In an ideal world I would be less keen on tech resources that are just marketed to girls. A long time ago, I was a young girl who liked technology and I would have been really disappointed to be told that there was special girl stuff for me that used the colour pink a lot or was more concerned with fashion and storytelling - the boy stuff would have looked a lot more fun. That doesn't mean that all products need to appeal equally to all children, just don't label them as for boys or for girls, or introduce unnecessary barriers to either gender choosing them.  

Despite being given clear messages from the media about what girls like and what boys like I haven't observed a strong feeling of tech or STEM being for boys among young children. The girls are just as interested and engaged as the boys. I have a concern that giving them tech or STEM toys for girls at a young age highlights a difference that they haven't yet spotted.

I prefer the approach of getting girls interested in technology while they are young and getting them hooked before they have any idea that certain parts of society see tech as a boy thing. 

But the playing field is not level at the moment, at some point children will be exposed to influences that tell them what they should like. You could argue that with the current situation being so unbalanced that it's okay to do something gender-specific to help address the balance. There are plenty of tech toys that that are perceived as boys toys, maybe adding some girl-specific toys just evens things up a bit? Pragmatically, if a STEM toy marketed specifically to girls moves things forward then that's a good thing. Eventually the need for the label should go away.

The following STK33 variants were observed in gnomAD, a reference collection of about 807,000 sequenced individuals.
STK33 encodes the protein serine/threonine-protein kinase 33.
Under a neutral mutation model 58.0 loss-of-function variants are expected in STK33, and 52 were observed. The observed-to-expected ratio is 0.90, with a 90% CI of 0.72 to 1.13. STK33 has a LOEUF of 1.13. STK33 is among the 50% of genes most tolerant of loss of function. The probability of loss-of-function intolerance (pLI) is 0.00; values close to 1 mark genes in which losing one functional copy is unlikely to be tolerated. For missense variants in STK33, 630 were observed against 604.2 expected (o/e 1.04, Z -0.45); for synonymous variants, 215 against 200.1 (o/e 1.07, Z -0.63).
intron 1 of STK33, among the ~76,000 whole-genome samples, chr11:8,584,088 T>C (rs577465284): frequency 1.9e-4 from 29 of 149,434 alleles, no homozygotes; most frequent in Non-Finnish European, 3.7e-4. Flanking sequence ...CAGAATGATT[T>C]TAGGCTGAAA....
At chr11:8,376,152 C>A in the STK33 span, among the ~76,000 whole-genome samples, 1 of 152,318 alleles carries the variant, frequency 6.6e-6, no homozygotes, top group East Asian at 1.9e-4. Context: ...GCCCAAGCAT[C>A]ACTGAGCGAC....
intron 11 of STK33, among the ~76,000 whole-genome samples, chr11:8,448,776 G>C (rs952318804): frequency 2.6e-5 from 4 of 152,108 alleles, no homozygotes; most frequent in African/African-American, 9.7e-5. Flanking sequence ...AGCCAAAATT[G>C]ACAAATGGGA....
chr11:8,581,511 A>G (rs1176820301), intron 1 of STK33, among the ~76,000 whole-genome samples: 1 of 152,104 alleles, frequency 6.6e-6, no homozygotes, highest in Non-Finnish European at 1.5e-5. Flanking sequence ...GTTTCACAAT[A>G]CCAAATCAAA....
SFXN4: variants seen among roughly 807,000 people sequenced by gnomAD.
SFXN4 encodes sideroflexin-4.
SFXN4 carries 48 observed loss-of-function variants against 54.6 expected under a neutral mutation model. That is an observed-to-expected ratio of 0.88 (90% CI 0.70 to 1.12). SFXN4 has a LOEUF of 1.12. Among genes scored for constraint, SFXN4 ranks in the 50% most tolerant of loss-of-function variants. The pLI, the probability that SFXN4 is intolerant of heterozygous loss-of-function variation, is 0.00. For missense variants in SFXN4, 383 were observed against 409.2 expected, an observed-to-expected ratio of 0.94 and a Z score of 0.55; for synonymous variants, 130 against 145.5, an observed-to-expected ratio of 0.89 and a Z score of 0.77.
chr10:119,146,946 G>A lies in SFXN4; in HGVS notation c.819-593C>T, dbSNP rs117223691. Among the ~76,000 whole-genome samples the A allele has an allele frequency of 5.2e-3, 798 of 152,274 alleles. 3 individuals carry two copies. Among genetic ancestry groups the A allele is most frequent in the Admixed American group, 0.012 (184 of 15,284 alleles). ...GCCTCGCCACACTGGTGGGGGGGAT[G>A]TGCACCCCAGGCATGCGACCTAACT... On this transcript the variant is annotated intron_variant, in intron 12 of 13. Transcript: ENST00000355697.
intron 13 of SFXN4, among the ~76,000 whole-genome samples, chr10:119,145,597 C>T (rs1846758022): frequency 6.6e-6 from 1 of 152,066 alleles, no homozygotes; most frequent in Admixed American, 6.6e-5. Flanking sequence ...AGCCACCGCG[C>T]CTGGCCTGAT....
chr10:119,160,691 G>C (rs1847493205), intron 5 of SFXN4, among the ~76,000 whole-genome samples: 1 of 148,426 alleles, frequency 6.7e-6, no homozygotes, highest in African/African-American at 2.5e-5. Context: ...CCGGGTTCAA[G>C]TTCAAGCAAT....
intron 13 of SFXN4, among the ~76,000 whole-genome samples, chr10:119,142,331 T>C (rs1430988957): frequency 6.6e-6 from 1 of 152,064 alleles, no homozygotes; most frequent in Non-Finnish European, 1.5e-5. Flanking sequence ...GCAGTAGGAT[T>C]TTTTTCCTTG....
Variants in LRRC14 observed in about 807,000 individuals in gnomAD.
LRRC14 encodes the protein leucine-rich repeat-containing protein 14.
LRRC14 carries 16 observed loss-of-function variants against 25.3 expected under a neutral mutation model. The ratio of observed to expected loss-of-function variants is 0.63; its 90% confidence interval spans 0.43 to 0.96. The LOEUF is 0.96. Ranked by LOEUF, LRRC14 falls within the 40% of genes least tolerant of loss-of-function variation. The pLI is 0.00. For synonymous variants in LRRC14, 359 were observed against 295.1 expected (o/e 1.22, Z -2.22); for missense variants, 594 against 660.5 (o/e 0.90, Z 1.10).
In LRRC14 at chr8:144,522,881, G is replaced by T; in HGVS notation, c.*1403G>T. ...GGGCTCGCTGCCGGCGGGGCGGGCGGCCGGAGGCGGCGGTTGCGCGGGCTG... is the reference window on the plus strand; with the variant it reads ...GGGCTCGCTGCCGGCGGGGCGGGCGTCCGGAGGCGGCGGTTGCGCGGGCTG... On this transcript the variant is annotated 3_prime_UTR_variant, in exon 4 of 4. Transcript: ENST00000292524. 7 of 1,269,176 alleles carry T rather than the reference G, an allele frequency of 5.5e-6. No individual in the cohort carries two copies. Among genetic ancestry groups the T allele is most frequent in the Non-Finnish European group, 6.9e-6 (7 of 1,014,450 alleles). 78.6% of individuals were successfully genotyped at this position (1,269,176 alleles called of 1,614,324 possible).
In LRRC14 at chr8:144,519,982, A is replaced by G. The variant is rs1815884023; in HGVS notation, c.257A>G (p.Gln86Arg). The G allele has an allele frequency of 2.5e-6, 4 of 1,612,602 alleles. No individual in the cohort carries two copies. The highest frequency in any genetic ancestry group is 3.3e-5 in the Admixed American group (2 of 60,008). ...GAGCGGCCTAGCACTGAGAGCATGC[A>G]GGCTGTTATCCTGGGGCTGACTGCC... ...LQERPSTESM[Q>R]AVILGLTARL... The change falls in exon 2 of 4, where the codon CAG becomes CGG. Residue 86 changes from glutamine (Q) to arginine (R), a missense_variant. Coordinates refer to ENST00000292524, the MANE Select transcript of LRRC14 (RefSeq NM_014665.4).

If we accept that there are differences between how boys and girls play (whether genetic or cultural) then tech toys designed to appeal to stereotypical boys and stereotypical girls will be different. If the toy industry pays attention to girls and how they play then that should lead to more variety and broader appeal in the toys which is a good thing. 

There's also a very valid argument that some parents, grandparents, aunts and uncles won't think to buy technology for girls unless it's marketed to them. Maybe girls tech toys will mean that more girls get access to tech toys where otherwise they might have missed out.

Can Tech Toys Appeal to Both Boys and Girls?

So is it possible to make tech toys that appeal to both boys and girls? Definitely, and there are some great examples out there.

littleBits Electronics Components

We've been really impressed with littleBits electronics components for making stuff. littleBits components are brightly coloured and include pink bits (input modules) and blue bits (power modules.) We love that when boys make stuff with littleBits they will be using pink bits. This helps to undermine the pink is for girls message just a little bit. 

littleBits shows that it is possible to design an inventive tech toy that appeals to boys and girls. 

MaKey MaKey

MaKey MaKey allows you to use everyday objects as computer inputs. As long as an object is just a little bit conductive it can be used as a controller. MaKey MaKey is a fab gadget that really appeals to kids.